A Christian Science perspective.
“There is a rising ...”
The Rev. Liz Walker repeated this hopeful message throughout her opening statements at the Boston Remembers Tribute last Tuesday in the Hynes Convention Center, located just a few blocks from the Boylston Street finish line for the Boston Marathon.
Ms. Walker spoke of the “amazing capacity of the human spirit to rise in heroism, compassion, and sacrifice.” She said, “An ascension of the human spirit, left to its own devices, its divine design – will rise, despite anything, despite everything.”
The wind and rain on that tribute day was a symbolic contrast to the intense blue cloudless day last year at the same time. I was among the 2,700 people who attended the tribute, and we obediently filed through security lines before taking our seats.
The lineup of speeches – from local, state, and federal officials – reached our hearts. But the words of some of the survivors were especially poignant.
“We would never wish the devastation and pain we have experienced on any of you,” said survivor Patrick Downes, who also spoke on behalf of his wife. “However, we do wish that all of you, at some point in your lives, feel as loved as we’ve felt in this last year. It has been the most humbling experience of our lives.”
The Boston Marathon, established in 1897, has come to symbolize the soul of Boston. And as Walker so eloquently said, our spirit – by divine design – rises above, finds hope, healing, and life. It’s an appropriate message for the Easter week when Christians celebrate Jesus’ resurrection.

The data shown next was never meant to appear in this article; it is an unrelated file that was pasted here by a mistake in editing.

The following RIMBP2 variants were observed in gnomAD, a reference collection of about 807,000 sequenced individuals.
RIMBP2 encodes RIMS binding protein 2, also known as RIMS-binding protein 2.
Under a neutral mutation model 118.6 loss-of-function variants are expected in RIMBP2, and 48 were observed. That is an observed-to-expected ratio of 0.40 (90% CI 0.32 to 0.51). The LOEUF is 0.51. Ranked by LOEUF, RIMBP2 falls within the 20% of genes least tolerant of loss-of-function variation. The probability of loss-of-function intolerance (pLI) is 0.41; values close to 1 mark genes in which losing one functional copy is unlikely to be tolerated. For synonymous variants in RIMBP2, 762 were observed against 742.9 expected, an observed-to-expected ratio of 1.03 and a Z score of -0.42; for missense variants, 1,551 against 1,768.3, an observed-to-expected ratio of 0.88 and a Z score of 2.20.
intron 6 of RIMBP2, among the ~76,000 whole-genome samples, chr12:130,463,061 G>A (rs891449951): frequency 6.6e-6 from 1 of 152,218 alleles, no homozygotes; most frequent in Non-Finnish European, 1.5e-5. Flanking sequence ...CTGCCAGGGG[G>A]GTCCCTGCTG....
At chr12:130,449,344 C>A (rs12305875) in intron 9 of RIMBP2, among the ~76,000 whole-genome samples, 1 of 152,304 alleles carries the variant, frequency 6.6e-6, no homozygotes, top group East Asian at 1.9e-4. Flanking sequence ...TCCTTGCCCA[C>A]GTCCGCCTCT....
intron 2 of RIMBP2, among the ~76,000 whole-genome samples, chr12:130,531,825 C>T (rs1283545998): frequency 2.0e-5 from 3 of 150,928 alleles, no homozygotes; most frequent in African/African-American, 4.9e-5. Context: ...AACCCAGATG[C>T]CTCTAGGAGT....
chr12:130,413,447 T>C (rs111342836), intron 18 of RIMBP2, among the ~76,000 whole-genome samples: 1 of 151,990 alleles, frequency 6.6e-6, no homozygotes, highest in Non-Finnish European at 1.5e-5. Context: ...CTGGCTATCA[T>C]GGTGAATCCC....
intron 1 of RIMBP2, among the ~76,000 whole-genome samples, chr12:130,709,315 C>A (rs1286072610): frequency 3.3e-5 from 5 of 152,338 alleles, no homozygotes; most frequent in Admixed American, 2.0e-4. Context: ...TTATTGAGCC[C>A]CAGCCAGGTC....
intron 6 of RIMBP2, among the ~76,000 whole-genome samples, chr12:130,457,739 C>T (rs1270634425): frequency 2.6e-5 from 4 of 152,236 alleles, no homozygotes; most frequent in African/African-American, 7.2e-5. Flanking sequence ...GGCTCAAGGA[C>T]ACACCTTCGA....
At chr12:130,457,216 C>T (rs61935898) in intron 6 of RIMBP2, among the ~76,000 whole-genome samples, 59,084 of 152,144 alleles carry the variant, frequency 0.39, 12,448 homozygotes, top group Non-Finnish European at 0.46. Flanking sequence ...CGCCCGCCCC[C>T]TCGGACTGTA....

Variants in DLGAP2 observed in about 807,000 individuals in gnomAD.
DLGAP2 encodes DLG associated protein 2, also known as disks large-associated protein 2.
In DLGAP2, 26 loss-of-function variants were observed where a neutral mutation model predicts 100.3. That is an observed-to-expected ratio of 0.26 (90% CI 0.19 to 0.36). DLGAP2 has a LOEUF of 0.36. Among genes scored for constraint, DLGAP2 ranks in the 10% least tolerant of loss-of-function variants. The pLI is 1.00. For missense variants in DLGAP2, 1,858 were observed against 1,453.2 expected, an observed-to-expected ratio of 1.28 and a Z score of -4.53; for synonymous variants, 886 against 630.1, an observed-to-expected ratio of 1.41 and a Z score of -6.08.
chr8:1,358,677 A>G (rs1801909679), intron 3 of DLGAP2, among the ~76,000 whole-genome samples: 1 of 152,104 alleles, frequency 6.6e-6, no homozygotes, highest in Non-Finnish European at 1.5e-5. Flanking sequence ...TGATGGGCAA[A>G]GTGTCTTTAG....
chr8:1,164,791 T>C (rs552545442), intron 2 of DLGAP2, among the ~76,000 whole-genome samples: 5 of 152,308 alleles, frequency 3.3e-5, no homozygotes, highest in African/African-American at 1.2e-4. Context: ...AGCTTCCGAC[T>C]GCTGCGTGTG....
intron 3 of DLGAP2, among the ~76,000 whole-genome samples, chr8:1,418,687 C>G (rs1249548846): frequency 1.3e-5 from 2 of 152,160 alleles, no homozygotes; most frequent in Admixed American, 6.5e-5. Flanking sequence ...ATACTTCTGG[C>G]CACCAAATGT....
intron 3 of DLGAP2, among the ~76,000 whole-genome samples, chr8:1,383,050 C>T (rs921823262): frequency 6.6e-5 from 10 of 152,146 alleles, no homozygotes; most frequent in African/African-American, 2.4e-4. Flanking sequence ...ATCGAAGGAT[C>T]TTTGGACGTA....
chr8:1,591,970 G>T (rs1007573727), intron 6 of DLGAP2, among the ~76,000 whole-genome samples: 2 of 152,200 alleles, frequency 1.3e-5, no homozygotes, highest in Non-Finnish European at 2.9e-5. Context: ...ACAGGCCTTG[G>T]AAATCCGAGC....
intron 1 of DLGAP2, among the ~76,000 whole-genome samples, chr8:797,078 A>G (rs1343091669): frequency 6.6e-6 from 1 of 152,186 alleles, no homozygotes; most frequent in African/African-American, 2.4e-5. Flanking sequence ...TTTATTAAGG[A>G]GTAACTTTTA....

The survivors experienced their own “rising above” in their journeys to find healing and new life. Each speaker pointed to compassion, love, forgiveness, and strength that endure above ashes and tears. We can all draw upon these spiritual qualities, which can never be depleted even in the toughest times, and feel their healing influence, both mentally and physically.
Vice President Joe Biden said that as a nation “we have never ever yielded to fear. We will never cower. And we own the finish line.”
The finish line isn’t just something several thousand runners cross on race day. It’s the daily victory of choosing to honor the good in ourselves and in our neighbors. It’s looking ahead, rather than back, which is what so many who ran the race have emphasized in media interviews. They encourage us all to look forward to the race that symbolizes community and unity.
This scriptural wisdom provides a road map for our progress: “We have all these great people around us as examples. Their lives tell us what faith means. So we, too, should run the race that is before us and never quit. We should remove from our lives anything that would slow us down ...” (Hebrews 12:1, Easy-to-Read Version).
As we remove hatred and love more, we help remove even the thought of senseless violence. Divine Love, or God, is our great protector. “Clad in the panoply of Love, human hatred cannot reach you,” wrote Mary Baker Eddy (“Science and Health with Key to the Scriptures,” p. 571), the founder of The Christian Science Monitor and the Christian Science Church, whose headquarters are just blocks from Boylston Street.
It’s Love that moved the city forward and that will continue to guide us in our collective race.